NCUA Chair Rick Metsger wrote to the Consumer Financial Protection Bureau this week strongly recommending the bureau include a blanket exemption for Payday Alternative Loans (PALs) from its short-term, small-dollar proposal. CUNA has urged the bureau to exempt loans made through the PAL program, and wrote to the NCUA in June about concerns that the proposal would discourage credit union participation in the PAL program.
“The CUNA/league system appreciates NCUA weighing in on this important matter and standing up for the needs of credit union members across the country. According to NCUA, federal credit unions issued almost $125 million in PALs just in 2015, which showed an increase of 7.2% from the fourth quarter of 2014,” said Jim Nussle, president/CEO of CUNA. “We agree with NCUA that the bureau should consider a complete PALs exemption in their final payday lending rule, so as not to impede this important growth and service to members.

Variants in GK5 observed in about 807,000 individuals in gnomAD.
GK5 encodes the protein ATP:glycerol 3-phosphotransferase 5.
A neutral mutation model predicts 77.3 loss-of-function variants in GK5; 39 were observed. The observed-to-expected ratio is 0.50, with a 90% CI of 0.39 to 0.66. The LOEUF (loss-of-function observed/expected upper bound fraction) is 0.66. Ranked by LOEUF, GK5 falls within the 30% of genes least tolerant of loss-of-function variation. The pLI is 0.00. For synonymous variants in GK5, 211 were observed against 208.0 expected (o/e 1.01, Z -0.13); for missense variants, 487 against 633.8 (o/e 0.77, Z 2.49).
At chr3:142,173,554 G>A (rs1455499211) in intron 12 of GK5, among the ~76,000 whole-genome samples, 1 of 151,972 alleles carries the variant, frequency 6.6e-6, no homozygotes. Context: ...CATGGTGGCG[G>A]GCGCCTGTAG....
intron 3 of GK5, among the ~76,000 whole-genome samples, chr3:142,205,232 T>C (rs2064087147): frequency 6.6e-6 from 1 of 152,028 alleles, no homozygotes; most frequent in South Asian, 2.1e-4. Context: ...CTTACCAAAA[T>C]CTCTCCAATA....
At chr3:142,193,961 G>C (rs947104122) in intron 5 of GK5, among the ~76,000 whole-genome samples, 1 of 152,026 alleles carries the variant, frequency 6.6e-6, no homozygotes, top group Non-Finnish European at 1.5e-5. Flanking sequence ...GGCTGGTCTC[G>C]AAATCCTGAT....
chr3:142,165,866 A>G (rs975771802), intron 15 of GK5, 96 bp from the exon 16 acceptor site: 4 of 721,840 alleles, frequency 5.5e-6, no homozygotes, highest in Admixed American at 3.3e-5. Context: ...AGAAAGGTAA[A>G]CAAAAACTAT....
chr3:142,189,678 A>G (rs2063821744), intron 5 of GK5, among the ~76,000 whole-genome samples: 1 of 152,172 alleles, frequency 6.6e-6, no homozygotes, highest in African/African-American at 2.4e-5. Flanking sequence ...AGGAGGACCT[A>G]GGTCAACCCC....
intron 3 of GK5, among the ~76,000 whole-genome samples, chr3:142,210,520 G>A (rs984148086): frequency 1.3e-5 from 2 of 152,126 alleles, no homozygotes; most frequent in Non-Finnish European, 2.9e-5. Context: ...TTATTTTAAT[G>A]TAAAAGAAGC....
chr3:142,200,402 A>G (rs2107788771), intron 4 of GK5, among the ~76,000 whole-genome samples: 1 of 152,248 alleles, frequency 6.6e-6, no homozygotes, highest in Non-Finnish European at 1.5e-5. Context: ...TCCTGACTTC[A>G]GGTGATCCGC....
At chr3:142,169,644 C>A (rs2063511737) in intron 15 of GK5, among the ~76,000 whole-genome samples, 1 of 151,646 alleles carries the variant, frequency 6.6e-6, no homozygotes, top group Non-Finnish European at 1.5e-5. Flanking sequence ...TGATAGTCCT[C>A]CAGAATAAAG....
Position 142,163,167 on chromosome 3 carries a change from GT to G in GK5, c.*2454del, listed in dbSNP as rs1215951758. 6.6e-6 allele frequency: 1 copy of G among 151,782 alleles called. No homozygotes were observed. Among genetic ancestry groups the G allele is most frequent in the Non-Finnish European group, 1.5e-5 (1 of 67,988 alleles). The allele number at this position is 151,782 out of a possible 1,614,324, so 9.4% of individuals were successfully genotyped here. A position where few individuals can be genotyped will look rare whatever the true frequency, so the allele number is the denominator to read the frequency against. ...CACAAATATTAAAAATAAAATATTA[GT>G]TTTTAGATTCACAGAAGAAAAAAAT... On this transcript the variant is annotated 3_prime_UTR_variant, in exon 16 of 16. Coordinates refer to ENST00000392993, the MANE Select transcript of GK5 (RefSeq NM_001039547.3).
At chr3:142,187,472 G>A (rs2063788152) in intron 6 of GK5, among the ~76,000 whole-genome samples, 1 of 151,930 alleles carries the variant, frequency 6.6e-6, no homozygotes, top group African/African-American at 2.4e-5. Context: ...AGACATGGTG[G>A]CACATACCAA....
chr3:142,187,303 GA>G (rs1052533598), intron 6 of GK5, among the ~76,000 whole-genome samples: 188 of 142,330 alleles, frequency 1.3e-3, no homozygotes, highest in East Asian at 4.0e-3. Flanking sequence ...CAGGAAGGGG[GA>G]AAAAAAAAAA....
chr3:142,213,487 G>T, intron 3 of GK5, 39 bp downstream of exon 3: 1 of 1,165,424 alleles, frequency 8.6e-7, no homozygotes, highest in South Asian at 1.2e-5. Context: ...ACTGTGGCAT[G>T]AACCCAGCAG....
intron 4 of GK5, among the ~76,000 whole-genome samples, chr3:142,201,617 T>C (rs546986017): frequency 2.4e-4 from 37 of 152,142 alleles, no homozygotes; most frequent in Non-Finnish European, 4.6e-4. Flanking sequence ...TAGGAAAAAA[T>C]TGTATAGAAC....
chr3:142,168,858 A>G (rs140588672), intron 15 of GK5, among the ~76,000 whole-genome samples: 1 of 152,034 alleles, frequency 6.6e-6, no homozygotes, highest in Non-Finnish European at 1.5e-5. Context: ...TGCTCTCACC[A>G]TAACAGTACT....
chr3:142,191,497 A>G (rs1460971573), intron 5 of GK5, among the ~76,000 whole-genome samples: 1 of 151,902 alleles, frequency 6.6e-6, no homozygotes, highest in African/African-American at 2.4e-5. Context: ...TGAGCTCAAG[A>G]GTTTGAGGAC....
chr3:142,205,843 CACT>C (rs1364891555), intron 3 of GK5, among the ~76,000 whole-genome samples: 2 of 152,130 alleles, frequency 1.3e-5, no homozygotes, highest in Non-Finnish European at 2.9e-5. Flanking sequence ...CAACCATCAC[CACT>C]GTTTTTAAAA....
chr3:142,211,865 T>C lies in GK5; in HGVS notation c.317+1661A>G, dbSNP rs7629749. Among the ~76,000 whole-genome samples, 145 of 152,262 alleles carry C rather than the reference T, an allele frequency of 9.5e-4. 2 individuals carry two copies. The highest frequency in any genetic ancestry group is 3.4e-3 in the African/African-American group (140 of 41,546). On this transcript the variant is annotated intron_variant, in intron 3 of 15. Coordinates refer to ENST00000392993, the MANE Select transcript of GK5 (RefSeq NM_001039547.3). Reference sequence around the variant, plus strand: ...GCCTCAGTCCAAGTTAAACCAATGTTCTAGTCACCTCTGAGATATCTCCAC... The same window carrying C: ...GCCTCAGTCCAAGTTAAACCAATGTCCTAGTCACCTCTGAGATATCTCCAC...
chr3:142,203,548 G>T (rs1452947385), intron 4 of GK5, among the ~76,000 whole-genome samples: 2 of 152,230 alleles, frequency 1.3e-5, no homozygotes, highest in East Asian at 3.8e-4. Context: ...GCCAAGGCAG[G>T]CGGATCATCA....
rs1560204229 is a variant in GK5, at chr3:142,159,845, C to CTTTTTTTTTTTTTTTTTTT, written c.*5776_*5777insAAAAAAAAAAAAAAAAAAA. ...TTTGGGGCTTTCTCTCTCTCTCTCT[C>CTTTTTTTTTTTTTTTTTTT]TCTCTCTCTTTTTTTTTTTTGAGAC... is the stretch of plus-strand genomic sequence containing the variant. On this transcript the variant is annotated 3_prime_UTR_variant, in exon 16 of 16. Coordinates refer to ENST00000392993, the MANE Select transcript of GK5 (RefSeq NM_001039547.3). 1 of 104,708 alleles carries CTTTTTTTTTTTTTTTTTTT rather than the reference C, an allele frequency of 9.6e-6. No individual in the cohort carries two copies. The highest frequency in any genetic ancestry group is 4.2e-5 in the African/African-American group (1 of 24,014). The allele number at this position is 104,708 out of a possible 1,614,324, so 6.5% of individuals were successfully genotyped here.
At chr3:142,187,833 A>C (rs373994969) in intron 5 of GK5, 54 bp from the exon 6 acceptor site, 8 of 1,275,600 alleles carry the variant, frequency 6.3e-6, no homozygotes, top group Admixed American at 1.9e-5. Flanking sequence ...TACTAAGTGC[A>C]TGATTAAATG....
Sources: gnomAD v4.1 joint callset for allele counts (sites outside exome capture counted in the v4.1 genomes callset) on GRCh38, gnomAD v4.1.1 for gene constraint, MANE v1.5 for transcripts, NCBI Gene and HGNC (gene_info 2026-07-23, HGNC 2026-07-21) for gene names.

“We also appreciate the NCUA’s recognition and education of the CFPB that other conditional exemptions and parts of the CFPB’s proposal are not workable for credit unions, and that the CFPB’s proposal needs reform to ensure that credit union members can continue to rely on credit unions for safe and affordable alternatives,” Nussle added.
In his letter, Metsger expressed the same concerns CUNA has raised with the proposal, that it would negatively impact the availability of consumer-friendly products.
“While the proposed rule included a conditional exemption for PALs compliant loans, it would nevertheless increase compliance burdens for credit unions and potentially divest NCUA of the flexibility to adjust its rule as it sees fit to reflect the unique characteristics of credit unions,” the letter reads. “
“As the bureau itself acknowledges, it ‘has not observed evidence that lenders making loans under the NCUA [PALs] program participate in widespread questionable payment practices.’ The Bureau should therefore defer to determinations of the FCU prudential regulator about this product.”
The NCUA also requested adjustments related to other exemptions discussed in connection with the proposed rule, including that the bureau: